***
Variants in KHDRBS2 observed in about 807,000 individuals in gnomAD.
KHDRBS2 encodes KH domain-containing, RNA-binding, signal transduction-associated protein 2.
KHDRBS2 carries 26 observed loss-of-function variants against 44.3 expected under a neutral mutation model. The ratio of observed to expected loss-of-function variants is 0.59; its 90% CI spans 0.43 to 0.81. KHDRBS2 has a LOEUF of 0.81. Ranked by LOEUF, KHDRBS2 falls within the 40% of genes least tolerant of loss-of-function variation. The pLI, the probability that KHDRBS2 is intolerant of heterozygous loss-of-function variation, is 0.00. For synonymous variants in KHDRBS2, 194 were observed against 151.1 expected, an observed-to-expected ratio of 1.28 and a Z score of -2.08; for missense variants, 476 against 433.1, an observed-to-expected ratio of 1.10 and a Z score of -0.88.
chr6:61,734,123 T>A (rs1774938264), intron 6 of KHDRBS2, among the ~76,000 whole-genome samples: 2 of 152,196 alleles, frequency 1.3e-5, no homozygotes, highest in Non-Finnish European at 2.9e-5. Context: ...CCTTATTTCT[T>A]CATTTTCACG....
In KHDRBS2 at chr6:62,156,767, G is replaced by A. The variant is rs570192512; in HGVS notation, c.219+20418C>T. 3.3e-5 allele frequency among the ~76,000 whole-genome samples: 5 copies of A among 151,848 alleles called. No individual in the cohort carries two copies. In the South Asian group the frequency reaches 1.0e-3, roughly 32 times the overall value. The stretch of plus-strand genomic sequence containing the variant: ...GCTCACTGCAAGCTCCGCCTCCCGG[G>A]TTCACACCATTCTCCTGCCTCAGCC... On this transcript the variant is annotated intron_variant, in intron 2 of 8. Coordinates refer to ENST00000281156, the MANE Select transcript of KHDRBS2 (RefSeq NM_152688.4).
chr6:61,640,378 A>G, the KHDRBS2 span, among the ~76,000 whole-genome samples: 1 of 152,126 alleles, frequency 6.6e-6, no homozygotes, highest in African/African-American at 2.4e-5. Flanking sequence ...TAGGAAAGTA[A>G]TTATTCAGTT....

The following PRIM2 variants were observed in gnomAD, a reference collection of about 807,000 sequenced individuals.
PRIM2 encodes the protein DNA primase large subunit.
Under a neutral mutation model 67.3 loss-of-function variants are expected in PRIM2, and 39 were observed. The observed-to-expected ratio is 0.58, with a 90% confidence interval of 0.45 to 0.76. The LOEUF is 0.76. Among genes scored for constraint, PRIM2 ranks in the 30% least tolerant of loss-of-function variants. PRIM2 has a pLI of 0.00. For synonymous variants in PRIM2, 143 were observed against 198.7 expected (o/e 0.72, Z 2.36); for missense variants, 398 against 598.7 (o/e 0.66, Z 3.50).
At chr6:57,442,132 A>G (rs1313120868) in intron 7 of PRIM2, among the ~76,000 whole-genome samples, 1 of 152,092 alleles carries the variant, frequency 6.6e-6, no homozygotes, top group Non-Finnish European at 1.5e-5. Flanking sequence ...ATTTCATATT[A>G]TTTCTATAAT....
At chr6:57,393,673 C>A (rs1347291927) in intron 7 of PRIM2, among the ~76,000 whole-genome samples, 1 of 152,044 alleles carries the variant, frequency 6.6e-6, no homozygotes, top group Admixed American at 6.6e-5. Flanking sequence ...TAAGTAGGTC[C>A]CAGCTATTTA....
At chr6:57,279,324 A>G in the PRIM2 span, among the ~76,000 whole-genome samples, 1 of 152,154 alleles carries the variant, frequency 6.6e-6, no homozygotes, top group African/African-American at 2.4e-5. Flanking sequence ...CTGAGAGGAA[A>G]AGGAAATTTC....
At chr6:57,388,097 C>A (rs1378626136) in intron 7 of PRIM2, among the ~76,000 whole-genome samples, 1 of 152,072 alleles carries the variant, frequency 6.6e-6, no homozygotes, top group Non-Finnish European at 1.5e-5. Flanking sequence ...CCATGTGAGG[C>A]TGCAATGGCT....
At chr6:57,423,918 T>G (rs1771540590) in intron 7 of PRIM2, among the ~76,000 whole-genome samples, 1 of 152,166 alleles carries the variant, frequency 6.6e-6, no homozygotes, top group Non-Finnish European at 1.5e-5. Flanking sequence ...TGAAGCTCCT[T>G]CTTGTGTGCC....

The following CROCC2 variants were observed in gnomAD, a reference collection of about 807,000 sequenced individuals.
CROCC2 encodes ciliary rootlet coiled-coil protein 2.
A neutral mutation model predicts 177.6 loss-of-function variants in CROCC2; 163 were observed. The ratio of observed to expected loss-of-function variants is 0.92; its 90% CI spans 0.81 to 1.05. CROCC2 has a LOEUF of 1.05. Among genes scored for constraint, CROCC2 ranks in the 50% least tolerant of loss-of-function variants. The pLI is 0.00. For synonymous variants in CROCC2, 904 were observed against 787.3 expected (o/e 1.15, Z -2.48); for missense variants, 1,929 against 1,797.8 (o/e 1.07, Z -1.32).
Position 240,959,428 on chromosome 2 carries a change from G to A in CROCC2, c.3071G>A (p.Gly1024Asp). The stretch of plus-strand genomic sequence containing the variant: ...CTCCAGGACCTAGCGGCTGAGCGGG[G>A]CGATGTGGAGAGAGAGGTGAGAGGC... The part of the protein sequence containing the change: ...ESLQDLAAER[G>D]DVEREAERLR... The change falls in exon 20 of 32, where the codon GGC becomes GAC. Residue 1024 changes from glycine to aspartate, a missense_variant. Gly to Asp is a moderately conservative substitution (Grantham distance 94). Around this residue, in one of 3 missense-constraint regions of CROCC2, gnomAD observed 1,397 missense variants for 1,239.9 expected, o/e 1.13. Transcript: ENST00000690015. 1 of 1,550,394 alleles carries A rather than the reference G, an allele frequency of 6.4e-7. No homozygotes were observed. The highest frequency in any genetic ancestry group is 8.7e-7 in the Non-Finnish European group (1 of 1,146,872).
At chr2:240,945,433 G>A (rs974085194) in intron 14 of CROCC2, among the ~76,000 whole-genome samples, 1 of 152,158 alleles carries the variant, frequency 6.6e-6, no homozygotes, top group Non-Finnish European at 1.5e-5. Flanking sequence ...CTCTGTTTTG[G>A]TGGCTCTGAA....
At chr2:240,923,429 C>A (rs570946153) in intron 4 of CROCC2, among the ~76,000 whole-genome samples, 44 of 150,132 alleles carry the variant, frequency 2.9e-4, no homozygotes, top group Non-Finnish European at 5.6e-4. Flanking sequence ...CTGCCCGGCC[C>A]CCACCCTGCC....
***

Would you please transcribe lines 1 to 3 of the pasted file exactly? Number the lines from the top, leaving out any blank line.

Variants in KHDRBS2 observed in about 807,000 individuals in gnomAD.
KHDRBS2 encodes KH domain-containing, RNA-binding, signal transduction-associated protein 2.
KHDRBS2 carries 26 observed loss-of-function variants against 44.3 expected under a neutral mutation model. The ratio of observed to expected loss-of-function variants is 0.59; its 90% CI spans 0.43 to 0.81. KHDRBS2 has a LOEUF of 0.81. Ranked by LOEUF, KHDRBS2 falls within the 40% of genes least tolerant of loss-of-function variation. The pLI, the probability that KHDRBS2 is intolerant of heterozygous loss-of-function variation, is 0.00. For synonymous variants in KHDRBS2, 194 were observed against 151.1 expected, an observed-to-expected ratio of 1.28 and a Z score of -2.08; for missense variants, 476 against 433.1, an observed-to-expected ratio of 1.10 and a Z score of -0.88.